I took my nieces, ages 9 and 10, to a theme park on Saturday and sent them off to the water park for about an hour while I sat in the shade and had a beer. I texted my brother a crowd photo with this caption: “I lost your kids.”
“That’s OK,” he texted back. “We can make more.”
It didn’t occur to either of us that I had endangered these girls or that I was a reckless aunt deserving of handcuffs, jail, and a media smackdown. Which is exactly what happened to a South Carolina mother who let her 9-year-old daughter play in a public park while she worked her shift at McDonald’s. The fact that a bystander notified police, and the mother was charged with criminal endangerment, has since set the Internet afire. Here’s what got to me:
“The mother,” the local ABC affiliate reported, “confessed to leaving her 9-year-old daughter at a park while she went to work.”
“Confessed” means to admit to a crime. Yet the crime here was hypothetical. As Lenore Skenazy, the founder of Free Range Kids, wrote this week in Reason: “Make ‘what if?’ thinking the basis for an arrest and the cops can collar anyone.”
The triggering event of the mother’s arrest stems from a wildly distorted notion of risk among Americans today: that somehow allowing a fourth-grader to walk to a park—one full of other children and parents, by the way—constitutes a criminal act. This was not the case a generation ago, even though the rate of serious crime is far lower today.
Of the 800,000 children reported missing in 1999, the most recent data available from the National Center for Missing and Exploited Children, only 115, or 0.014 percent, were kidnapped by someone they did not know. Stranger abduction is so rare, in fact, that statistically a child is more likely to have a heart attack than to be kidnapped by a stranger, as child safety expert Gavin de Becker notes in his book Protecting the Gift. “And child heart attacks are so rare that most parents (correctly) never even consider the risk,” he writes.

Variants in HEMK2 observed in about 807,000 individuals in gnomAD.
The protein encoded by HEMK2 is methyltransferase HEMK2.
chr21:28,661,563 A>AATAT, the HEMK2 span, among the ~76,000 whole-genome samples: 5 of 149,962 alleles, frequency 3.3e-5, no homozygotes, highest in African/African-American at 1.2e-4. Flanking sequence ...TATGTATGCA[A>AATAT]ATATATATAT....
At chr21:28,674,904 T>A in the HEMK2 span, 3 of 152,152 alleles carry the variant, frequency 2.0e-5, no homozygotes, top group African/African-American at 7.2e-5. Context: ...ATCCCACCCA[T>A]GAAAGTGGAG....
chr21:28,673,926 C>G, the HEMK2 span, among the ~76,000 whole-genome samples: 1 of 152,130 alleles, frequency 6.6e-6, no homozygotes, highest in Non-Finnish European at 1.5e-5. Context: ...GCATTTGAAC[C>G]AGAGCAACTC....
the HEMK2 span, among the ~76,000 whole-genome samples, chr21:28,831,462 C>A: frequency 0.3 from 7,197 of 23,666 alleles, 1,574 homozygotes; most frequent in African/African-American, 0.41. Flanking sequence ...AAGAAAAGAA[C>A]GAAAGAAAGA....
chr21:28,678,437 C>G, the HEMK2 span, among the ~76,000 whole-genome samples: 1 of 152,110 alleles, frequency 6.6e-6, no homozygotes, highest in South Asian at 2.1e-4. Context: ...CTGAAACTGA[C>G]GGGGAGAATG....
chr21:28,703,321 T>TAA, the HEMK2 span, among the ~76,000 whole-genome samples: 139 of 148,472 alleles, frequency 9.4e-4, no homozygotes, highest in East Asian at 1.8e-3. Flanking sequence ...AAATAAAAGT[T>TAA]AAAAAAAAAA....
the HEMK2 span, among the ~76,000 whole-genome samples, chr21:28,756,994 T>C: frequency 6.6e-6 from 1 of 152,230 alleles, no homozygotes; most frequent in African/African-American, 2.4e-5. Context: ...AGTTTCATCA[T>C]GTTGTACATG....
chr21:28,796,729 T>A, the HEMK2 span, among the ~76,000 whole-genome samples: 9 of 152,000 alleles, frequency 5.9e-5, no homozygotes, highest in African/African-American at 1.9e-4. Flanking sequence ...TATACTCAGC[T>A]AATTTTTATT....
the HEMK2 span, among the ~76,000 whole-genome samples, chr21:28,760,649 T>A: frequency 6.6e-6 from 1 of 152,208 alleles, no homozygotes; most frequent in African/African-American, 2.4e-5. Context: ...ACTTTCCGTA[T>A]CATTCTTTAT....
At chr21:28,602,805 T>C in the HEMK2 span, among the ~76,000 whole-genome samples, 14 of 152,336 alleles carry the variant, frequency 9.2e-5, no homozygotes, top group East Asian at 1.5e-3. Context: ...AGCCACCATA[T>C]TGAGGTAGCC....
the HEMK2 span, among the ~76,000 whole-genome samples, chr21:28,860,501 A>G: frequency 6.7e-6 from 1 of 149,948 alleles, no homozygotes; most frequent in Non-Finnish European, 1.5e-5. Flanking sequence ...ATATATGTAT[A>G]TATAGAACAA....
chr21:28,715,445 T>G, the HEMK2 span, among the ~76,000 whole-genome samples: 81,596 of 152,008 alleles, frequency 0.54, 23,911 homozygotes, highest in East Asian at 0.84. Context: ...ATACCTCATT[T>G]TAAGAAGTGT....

And yet, according to research by sociologist Barry Glassner, national surveys consistently reveal that three out of four parents fear their children could be abducted by a stranger. In his book The Culture of Fear, Glassner blames the media’s appetite for the sensational over the mundane, as well as the public’s tendency to perceive even isolated, extreme events as trends.
Kim Brooks was charged with contributing to the delinquency of a minor for leaving her 4-year-old in a car for five minutes. The vehicle was locked, it wasn’t hot outside, and the child was fine, but a bystander took a video and reported her. For insight, Brooks turned to Skenazy, who had herself been skewered after writing an article about letting her 9-year-old take the subway alone.
“Statistically speaking, it would likely take 750,000 years for a child left alone in a public space to be snatched by a stranger,” Brooks wrote in an essay on Salon.com.
A woman at the South Carolina park where the unattended 9-year-old had played told a television reporter: “What if a man would have came and just snatched her?” The best response I’ve seen to date came from a reader commenting at Reason.com: “Ummm, a man did come and snatch her,” poster “JerrrysKids” wrote. The girl was taken from the park and put into the custody of social services.
My nieces were not abducted at the theme park last weekend, of course, but I do admit to risking their lives, and mine: We traveled 140 miles by car that day, the three of us buckled inside a box of metal careening down a highway at 60 miles per hour. Sorry, kids.